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  • 1. Gut, Allan
    et al.
    Martin-Löf, Anders
    Stockholm University, Faculty of Science, Department of Mathematics.
    Extreme-trimmed St. Petersburg games2015In: Statistics and Probability Letters, ISSN 0167-7152, E-ISSN 1879-2103, Vol. 96, p. 341-345Article in journal (Refereed)
    Abstract [en]

    Let S-n, n >= 1, describe the successive sums of the payoffs in the classical St. Petersburg game. Feller's famous weak law, Feller (1945), states that s(n)/n log(2) n (sic) 1 as n -> infinity. However, almost sure convergence fails, more precisely, lim supn ->infinity S-n/n log(2) n = +infinity a.s. and lim inf(n ->infinity) S-n/n log(2) n = 1 a.s. as n -> infinity. Csorgo and Simons (1996) have shown that almost sure convergence holds for trimmed sums, that is, for S-n - max(1 <= k <= n) X-k and, moreover, that this remains true if the sums are trimmed by an arbitrary fixed number of maximal sums. A predecessor of the present paper was devoted to sums trimmed by the random number of maximal summands. The present paper concerns analogs for the random number of summands equal to the minimum, as well as analogs for joint trimmings.

  • 2.
    Hao, Chengcheng
    et al.
    Stockholm University, Faculty of Social Sciences, Department of Statistics.
    Liang, Yuli
    Stockholm University, Faculty of Social Sciences, Department of Statistics.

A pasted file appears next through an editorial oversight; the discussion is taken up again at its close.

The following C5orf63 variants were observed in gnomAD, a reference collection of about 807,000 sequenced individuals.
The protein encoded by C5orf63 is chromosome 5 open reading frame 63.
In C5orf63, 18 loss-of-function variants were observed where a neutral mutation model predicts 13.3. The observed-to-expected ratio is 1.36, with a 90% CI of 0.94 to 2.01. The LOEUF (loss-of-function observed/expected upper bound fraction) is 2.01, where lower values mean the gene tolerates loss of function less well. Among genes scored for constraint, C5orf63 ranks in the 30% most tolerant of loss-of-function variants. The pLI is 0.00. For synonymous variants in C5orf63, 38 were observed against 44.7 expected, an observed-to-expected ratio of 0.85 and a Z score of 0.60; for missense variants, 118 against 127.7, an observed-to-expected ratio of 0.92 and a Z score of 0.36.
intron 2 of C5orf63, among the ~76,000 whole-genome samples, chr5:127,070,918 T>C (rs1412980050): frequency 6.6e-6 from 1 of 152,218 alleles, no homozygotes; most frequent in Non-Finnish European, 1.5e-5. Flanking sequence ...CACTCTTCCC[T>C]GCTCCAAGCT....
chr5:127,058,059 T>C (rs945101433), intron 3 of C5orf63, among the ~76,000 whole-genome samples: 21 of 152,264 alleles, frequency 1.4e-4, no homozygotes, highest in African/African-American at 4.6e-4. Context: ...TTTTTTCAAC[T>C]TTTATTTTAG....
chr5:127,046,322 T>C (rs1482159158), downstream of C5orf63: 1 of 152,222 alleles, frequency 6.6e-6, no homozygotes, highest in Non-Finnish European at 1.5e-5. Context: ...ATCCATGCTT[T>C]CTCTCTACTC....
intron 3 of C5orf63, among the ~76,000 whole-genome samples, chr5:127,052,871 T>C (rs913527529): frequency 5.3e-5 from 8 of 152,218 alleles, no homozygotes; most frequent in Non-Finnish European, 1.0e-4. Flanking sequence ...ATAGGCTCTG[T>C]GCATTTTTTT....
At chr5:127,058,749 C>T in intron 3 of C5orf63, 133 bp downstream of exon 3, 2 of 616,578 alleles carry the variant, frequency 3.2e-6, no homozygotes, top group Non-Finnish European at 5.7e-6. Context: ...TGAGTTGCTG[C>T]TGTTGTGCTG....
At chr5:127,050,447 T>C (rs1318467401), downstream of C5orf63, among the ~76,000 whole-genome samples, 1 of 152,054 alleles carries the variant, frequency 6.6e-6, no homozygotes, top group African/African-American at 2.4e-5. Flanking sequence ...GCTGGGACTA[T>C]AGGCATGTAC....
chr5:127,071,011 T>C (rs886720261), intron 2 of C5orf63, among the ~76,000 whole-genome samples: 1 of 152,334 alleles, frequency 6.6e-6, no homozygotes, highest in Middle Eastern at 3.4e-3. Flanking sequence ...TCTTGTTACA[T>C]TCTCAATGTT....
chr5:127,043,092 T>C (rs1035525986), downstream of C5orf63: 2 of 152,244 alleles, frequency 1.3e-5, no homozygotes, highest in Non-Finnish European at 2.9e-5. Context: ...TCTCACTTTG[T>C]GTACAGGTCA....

Roy, Anuradha
    Equivalency between vertices and centers-coupled-with-radii principal component analyses for interval data2015In: Statistics and Probability Letters, ISSN 0167-7152, E-ISSN 1879-2103, Vol. 106, p. 113-120Article in journal (Refereed)
    Abstract [en]

    Centers and vertices principal component analyses are common methods to explain variations within multivariate interval data. We introduce multivariate equicorrelated structures to vertices’ covariance. Assuming the structure, we show equivalence between centers and vertices methods by proving their eigensystems proportional.

  • 3.
    Lindholm, Mathias
    Stockholm University, Faculty of Science, Department of Mathematics.
    A note on the connection between some classical mortality laws and proportional frailty2017In: Statistics and Probability Letters, ISSN 0167-7152, E-ISSN 1879-2103, Vol. 126, p. 76-82Article in journal (Refereed)
    Abstract [en]

    We provide a simple frailty argument that produces the Gompertz-Makeham mortality law as the population hazard rate under the assumption of proportional frailty given a common exponential hazard rate. Further, based on a slight generalisation of the result for the Gompertz-Makeham law the connection to Perks and Beard's mortality laws is discussed. Moreover, we give conditions for which functional forms of the baseline hazard that will yield proper frailty distributions given we want to retrieve a certain overall population hazard within the proportional frailty framework.

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